Beyond the projects funded to date, Anderson said the SRRF investments can raise local awareness about the need to protect local waterways.
“By implementing stormwater projects at farms and schools, other farms and schools in the community will be educated and can see first-hand the importance of our protecting the water environment in their communities,” said Anderson. “We hope to see more farms and schools wanting to make these types of improvements on their land. It’s a win for the farmers, the educators, the students, the water suppliers, and the Schuylkill River. If we continue in the direction we’re headed … we’re going to continue to see positive change in our water supply.”
More: See photos of Upper Schuylkill Watershed source water protection projects highlighted by the Schuylkill Action Network on Sept. 7 here:
See the full list of SRRF investments announced on Sept. 7 below:
Berks County Conservation District, Meyers Horse Farm: $8,332
This project will install best management practices (BMPs) on a horse farm operation in Barto, Pa. to aid in preventing manure, sediment and other nonpoint source water pollution from entering the West Branch of the Perkiomen Creek. A roofed manure stacking pad will be constructed, as well as a stabilized gravel lot. Stormwater controls will also be installed to manage runoff.
Berks Nature, Durkin Farm: $95,000
This farm is a 501-acre dairy farm located on Manor Creek, a tributary of the Maiden Creek (part of the Schuylkill watershed). Berks Nature (non-profit conservation organization serving Berks County) will install a manure storage facility and water transfer system. The farm will also receive stormwater controls throughout the barnyard, streambank fencing and improved riparian buffers.
Berks Nature, Zettlemoyer Farm: $50,000
This project will implement various agricultural BMPs on a 445-acre heifer operation located on Manor Creek. Two dry storage facilities will be installed along with a waste transfer system, stormwater controls and streambank fencing.
Borough of Pottstown, Stormwater Filter Project: $40,000
The Borough will install a new backflow prevention device to mitigate chronic roadway flooding and a new water quality unit to remove pollutants before then can discharge into the Schuylkill River.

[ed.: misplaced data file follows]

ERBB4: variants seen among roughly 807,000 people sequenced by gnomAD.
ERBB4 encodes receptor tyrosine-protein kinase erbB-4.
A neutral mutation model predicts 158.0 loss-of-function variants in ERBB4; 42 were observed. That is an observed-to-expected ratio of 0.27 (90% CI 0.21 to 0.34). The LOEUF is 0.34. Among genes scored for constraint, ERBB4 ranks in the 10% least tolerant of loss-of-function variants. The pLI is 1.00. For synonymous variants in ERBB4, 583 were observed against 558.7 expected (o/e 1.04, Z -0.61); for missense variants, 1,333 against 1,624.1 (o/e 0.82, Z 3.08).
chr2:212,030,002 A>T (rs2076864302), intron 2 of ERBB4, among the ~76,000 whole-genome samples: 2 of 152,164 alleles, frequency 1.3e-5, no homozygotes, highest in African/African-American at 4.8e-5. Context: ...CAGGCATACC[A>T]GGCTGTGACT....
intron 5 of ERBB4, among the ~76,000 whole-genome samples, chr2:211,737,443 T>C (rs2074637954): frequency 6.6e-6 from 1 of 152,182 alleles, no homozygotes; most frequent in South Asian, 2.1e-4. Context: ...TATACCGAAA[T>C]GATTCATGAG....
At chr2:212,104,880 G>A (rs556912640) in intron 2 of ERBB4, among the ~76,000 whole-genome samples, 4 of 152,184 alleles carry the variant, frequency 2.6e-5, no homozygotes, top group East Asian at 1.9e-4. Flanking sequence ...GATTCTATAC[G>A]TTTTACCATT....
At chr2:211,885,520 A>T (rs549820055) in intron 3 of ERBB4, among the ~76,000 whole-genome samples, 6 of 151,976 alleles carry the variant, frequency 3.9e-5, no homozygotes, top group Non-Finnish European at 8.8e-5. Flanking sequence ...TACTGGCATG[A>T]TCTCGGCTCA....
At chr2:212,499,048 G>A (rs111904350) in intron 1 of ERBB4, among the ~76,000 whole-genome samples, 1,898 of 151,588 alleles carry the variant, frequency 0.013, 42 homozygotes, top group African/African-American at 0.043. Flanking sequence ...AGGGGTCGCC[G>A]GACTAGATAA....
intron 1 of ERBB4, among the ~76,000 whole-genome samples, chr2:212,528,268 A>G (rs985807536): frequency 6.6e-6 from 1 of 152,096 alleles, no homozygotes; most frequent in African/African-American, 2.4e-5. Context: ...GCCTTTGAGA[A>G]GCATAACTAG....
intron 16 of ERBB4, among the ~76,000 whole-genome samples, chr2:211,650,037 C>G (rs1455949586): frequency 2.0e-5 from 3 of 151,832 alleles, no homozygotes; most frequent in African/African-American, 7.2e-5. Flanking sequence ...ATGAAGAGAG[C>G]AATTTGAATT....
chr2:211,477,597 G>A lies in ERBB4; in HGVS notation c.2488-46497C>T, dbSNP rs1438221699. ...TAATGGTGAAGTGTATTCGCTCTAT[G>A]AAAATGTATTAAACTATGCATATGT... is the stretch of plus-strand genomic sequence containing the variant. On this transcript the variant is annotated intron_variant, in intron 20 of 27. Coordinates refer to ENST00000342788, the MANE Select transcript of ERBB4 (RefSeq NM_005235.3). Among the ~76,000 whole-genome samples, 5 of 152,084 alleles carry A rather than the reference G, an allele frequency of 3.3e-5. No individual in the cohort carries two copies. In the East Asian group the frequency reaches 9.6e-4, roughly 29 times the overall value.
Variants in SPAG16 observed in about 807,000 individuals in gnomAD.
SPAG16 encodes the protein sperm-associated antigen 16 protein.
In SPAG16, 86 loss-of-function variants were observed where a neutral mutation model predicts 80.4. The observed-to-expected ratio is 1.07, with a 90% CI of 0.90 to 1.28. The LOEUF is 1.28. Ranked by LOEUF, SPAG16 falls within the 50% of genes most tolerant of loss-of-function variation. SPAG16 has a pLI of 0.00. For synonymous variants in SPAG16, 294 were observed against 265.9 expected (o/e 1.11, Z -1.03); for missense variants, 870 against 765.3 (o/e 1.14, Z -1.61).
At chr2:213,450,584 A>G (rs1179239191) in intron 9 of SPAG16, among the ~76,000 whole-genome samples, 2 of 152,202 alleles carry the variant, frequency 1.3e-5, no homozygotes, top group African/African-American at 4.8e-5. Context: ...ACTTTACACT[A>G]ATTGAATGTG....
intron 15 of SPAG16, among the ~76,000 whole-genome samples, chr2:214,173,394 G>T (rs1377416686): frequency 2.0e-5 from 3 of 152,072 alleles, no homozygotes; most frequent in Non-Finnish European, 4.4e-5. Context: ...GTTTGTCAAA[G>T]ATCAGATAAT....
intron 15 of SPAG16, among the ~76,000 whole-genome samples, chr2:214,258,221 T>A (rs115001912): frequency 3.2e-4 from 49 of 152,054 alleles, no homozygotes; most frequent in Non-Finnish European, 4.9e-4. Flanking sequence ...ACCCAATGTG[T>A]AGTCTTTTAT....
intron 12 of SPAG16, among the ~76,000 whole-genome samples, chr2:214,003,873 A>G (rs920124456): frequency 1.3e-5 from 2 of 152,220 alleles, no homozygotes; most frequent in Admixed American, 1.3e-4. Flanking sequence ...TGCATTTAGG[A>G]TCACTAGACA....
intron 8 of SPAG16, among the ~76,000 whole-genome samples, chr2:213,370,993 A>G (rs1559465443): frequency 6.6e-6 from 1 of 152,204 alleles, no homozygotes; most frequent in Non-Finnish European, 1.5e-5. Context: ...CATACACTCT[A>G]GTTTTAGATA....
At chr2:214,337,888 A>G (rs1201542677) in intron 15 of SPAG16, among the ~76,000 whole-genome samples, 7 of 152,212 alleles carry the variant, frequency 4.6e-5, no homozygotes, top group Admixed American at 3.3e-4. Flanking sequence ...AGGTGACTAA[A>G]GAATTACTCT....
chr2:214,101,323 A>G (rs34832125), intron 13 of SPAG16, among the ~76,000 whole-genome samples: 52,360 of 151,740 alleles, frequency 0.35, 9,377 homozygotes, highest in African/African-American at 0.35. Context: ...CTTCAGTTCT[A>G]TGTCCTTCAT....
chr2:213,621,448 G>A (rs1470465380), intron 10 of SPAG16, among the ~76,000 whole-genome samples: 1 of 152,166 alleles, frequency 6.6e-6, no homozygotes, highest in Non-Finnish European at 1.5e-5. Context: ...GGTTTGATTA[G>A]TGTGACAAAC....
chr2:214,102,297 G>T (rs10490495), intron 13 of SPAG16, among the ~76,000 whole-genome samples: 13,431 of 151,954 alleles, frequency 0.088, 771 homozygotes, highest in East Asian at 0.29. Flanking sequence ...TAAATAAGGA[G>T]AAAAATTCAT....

Schuylkill Headwaters Association, Big Creek Limestone Project: $40,000
The Schuylkill Headwaters Association will dose the headwaters of Big Creek with high-calcium limestone sand in an effort to reduce in stream acidity. The restoration of Big Creek’s water quality will result in an average of 6,407 gallons per minute of treated water entering the headwaters of the Schuylkill River.
North Light Community Schoolyard Stormwater: $37,500
The North Light Community Center will complete a schoolyard renovation project at their educational facility in Philadelphia. Impervious playground surface will be removed and a stormwater management system will be installed that will include a rain garden and native plants. This project will serve as a learning lab for both the students and the community.
Land Transaction Assistance Projects
These projects support the preservation of land surrounding waterways in the Schuylkill watersheds.
Berks Nature. St. Lawrence Property: $4,000
Using a conservation easement, the St. Lawrence Borough land protection project will permanently protect a 245-acre, high-priority landscape of forested property on an unnamed tributary of Antietam Creek. This project will contribute to the preservation and conservation of water quality within the Upper Schuylkill River.
Natural Lands Trust, Kulp Property: $4,000
The Natural Lands Trust will purchase a conservation easement on this 30-plus- acre property to protect important natural resources, including the headwaters of Pigeon Creek. This project will also provide public access to a trail system in the East Coventry Township Trail Network.